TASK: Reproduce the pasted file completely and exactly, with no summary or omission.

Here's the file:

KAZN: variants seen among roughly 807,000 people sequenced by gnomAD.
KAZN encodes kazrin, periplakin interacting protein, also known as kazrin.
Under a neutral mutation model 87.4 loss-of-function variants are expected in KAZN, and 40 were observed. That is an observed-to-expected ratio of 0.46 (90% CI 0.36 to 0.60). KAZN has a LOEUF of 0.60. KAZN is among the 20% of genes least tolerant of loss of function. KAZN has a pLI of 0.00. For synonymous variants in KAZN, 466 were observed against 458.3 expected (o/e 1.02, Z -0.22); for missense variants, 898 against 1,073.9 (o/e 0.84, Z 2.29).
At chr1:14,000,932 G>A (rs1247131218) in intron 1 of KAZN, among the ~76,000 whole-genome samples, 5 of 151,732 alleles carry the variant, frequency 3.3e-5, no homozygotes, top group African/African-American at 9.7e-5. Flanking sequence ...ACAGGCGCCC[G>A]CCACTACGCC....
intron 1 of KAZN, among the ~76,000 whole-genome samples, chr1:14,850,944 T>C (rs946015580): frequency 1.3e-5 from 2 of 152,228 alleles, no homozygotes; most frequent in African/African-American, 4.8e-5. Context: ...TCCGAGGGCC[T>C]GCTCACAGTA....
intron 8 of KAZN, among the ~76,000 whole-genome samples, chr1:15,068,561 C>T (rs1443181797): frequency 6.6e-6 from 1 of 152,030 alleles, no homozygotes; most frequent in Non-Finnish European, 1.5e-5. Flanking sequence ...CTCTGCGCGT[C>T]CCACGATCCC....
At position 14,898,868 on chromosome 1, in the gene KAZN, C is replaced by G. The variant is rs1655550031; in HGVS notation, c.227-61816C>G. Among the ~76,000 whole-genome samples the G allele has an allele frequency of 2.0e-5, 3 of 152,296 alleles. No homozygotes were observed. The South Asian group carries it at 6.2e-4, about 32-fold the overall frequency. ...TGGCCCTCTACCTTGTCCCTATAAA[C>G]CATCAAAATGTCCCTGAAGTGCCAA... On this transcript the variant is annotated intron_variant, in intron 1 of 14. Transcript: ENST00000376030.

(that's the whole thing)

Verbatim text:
KAZN: variants seen among roughly 807,000 people sequenced by gnomAD.
KAZN encodes kazrin, periplakin interacting protein, also known as kazrin.
Under a neutral mutation model 87.4 loss-of-function variants are expected in KAZN, and 40 were observed. That is an observed-to-expected ratio of 0.46 (90% CI 0.36 to 0.60). KAZN has a LOEUF of 0.60. KAZN is among the 20% of genes least tolerant of loss of function. KAZN has a pLI of 0.00. For synonymous variants in KAZN, 466 were observed against 458.3 expected (o/e 1.02, Z -0.22); for missense variants, 898 against 1,073.9 (o/e 0.84, Z 2.29).
At chr1:14,000,932 G>A (rs1247131218) in intron 1 of KAZN, among the ~76,000 whole-genome samples, 5 of 151,732 alleles carry the variant, frequency 3.3e-5, no homozygotes, top group African/African-American at 9.7e-5. Flanking sequence ...ACAGGCGCCC[G>A]CCACTACGCC....
intron 1 of KAZN, among the ~76,000 whole-genome samples, chr1:14,850,944 T>C (rs946015580): frequency 1.3e-5 from 2 of 152,228 alleles, no homozygotes; most frequent in African/African-American, 4.8e-5. Context: ...TCCGAGGGCC[T>C]GCTCACAGTA....
intron 8 of KAZN, among the ~76,000 whole-genome samples, chr1:15,068,561 C>T (rs1443181797): frequency 6.6e-6 from 1 of 152,030 alleles, no homozygotes; most frequent in Non-Finnish European, 1.5e-5. Flanking sequence ...CTCTGCGCGT[C>T]CCACGATCCC....
At position 14,898,868 on chromosome 1, in the gene KAZN, C is replaced by G. The variant is rs1655550031; in HGVS notation, c.227-61816C>G. Among the ~76,000 whole-genome samples the G allele has an allele frequency of 2.0e-5, 3 of 152,296 alleles. No homozygotes were observed. The South Asian group carries it at 6.2e-4, about 32-fold the overall frequency. ...TGGCCCTCTACCTTGTCCCTATAAA[C>G]CATCAAAATGTCCCTGAAGTGCCAA... On this transcript the variant is annotated intron_variant, in intron 1 of 14. Transcript: ENST00000376030.